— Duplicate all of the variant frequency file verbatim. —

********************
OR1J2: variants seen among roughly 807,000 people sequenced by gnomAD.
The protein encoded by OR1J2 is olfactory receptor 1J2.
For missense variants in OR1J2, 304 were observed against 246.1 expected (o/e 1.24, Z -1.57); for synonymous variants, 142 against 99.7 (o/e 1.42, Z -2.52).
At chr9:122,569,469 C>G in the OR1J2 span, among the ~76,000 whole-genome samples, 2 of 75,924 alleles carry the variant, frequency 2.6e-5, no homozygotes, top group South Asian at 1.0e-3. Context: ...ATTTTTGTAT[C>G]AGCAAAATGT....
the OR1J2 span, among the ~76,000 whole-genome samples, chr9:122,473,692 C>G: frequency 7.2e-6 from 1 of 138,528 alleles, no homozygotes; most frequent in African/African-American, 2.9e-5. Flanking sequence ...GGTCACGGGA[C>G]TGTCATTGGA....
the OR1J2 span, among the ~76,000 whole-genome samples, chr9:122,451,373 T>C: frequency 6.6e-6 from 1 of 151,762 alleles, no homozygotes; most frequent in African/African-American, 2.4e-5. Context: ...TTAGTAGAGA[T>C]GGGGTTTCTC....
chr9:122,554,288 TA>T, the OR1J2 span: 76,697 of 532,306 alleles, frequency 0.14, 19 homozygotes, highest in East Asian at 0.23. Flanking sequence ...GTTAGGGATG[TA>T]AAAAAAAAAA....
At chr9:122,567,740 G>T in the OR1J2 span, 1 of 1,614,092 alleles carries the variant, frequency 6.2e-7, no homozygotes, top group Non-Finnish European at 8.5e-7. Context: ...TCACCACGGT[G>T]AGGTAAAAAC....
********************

OR1J2: variants seen among roughly 807,000 people sequenced by gnomAD.
The protein encoded by OR1J2 is olfactory receptor 1J2.
For missense variants in OR1J2, 304 were observed against 246.1 expected (o/e 1.24, Z -1.57); for synonymous variants, 142 against 99.7 (o/e 1.42, Z -2.52).
At chr9:122,569,469 C>G in the OR1J2 span, among the ~76,000 whole-genome samples, 2 of 75,924 alleles carry the variant, frequency 2.6e-5, no homozygotes, top group South Asian at 1.0e-3. Context: ...ATTTTTGTAT[C>G]AGCAAAATGT....
the OR1J2 span, among the ~76,000 whole-genome samples, chr9:122,473,692 C>G: frequency 7.2e-6 from 1 of 138,528 alleles, no homozygotes; most frequent in African/African-American, 2.9e-5. Flanking sequence ...GGTCACGGGA[C>G]TGTCATTGGA....
the OR1J2 span, among the ~76,000 whole-genome samples, chr9:122,451,373 T>C: frequency 6.6e-6 from 1 of 151,762 alleles, no homozygotes; most frequent in African/African-American, 2.4e-5. Context: ...TTAGTAGAGA[T>C]GGGGTTTCTC....
chr9:122,554,288 TA>T, the OR1J2 span: 76,697 of 532,306 alleles, frequency 0.14, 19 homozygotes, highest in East Asian at 0.23. Flanking sequence ...GTTAGGGATG[TA>T]AAAAAAAAAA....
At chr9:122,567,740 G>T in the OR1J2 span, 1 of 1,614,092 alleles carries the variant, frequency 6.2e-7, no homozygotes, top group Non-Finnish European at 8.5e-7. Context: ...TCACCACGGT[G>T]AGGTAAAAAC....